(Corrects last paragraph to show 2017, not next year)
LONDON Jan 3 British manufacturing growth
climbed to a two-and-a-half-year high last month, fuelled by new
orders from both home and abroad and adding to signs the economy
ended 2016 strongly, a survey showed on Tuesday.
The Markit/CIPS UK Manufacturing Purchasing Managers Index
(PMI) rose to 56.1, the strongest reading since June 2014, from
53.6 in November. That exceeded all forecasts in a Reuters poll,
which pointed to a decline to 53.1.
Britain's economy has fared much better than many economists
predicted in the aftermath of June's vote to leave the European
Union, with consumer spending strong and companies continuing to
The manufacturing PMI showed domestic and export order books
grew, but so did cost pressures facing factories - something
that will increasingly feed into consumer prices next year.
Survey compiler IHS Markit said the survey was consistent
with manufacturing output rising at a quarterly pace of around
"The boost to competitiveness from the weak exchange rate
has undoubtedly been a key driver of the recent turnaround,
while the domestic market has remained a strong contributor to
new business wins," said Rob Dobson, senior economist at IHS
Dobson added that higher costs were the flip side of the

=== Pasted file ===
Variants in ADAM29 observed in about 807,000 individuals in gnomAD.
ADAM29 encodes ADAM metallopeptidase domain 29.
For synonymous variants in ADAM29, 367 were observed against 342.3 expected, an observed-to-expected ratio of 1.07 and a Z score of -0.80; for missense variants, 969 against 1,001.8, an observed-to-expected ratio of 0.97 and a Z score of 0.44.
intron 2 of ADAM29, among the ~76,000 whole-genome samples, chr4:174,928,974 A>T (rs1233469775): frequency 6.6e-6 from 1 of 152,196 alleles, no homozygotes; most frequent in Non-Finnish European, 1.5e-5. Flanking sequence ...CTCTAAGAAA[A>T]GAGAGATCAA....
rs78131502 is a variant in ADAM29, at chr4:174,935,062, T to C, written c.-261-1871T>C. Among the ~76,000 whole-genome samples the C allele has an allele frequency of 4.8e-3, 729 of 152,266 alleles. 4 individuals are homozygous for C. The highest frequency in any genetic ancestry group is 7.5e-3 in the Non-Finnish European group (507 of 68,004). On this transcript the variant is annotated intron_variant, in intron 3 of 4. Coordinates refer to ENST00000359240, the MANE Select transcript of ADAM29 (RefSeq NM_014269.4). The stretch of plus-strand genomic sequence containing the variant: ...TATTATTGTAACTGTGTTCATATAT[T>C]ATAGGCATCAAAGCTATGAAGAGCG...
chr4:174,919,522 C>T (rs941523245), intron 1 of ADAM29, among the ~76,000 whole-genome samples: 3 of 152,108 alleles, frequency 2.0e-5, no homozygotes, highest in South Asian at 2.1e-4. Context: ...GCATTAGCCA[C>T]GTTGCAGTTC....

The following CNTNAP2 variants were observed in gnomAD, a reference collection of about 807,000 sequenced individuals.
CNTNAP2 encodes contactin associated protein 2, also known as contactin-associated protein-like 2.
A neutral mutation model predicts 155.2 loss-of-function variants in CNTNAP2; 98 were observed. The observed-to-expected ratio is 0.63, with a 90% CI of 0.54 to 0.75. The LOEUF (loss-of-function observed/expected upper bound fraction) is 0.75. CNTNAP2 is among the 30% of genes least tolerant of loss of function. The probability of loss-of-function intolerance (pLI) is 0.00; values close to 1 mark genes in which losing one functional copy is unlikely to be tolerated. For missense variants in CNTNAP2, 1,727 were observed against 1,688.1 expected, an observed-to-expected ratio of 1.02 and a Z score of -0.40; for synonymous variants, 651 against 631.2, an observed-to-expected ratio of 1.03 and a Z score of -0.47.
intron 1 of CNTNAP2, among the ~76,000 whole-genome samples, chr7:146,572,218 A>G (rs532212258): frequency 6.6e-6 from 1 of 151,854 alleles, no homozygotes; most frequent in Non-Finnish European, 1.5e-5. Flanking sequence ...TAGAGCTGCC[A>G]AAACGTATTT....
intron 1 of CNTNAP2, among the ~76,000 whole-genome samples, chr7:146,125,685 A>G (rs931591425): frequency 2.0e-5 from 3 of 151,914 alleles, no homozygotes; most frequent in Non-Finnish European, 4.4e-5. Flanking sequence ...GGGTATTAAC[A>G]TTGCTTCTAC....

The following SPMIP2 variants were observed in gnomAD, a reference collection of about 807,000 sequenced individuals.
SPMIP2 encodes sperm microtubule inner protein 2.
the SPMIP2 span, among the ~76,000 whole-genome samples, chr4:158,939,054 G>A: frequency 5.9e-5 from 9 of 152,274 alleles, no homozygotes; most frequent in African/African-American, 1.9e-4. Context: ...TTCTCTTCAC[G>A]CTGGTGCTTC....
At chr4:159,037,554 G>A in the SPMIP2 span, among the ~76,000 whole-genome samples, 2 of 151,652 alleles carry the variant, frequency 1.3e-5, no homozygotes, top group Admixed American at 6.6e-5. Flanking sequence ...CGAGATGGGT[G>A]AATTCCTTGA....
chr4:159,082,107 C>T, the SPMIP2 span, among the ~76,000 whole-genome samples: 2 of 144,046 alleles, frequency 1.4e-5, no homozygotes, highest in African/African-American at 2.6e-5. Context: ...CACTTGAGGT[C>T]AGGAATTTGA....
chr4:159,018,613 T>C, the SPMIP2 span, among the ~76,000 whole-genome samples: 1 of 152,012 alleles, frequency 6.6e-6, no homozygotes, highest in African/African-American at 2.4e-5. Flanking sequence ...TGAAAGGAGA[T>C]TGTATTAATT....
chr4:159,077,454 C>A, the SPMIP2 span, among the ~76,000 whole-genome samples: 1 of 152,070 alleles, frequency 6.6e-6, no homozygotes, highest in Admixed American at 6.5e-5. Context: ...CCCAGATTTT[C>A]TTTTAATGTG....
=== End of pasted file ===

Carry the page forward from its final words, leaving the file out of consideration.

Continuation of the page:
pound's fall since June's Brexit vote, which has left it down
around 10 percent on a trade-weighted basis.
"Of the companies citing a cause of higher costs, 75 percent
linked the increase to the exchange rate," Dobson said.
A separate survey of financial officers last week showed
business morale has recovered completely its plunge after the
Brexit vote. However, companies are reluctant to spend more
because of uncertainty about the economic outlook.
IHS Markit said investment and intermediate goods
manufacturers performed particularly well in December, which
could augur well for investment more broadly.
Manufacturers hired staff at the fastest rate since October
Britain's economy looks on track to expand by more than 2
percent this year - faster than almost all other big advanced
economies except perhaps the United States.
Economists polled by Reuters expect Britain's growth rate to
more than halve in 2017 to 1.1 percent.
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(Reporting by Andy Bruce; Editing by Larry King)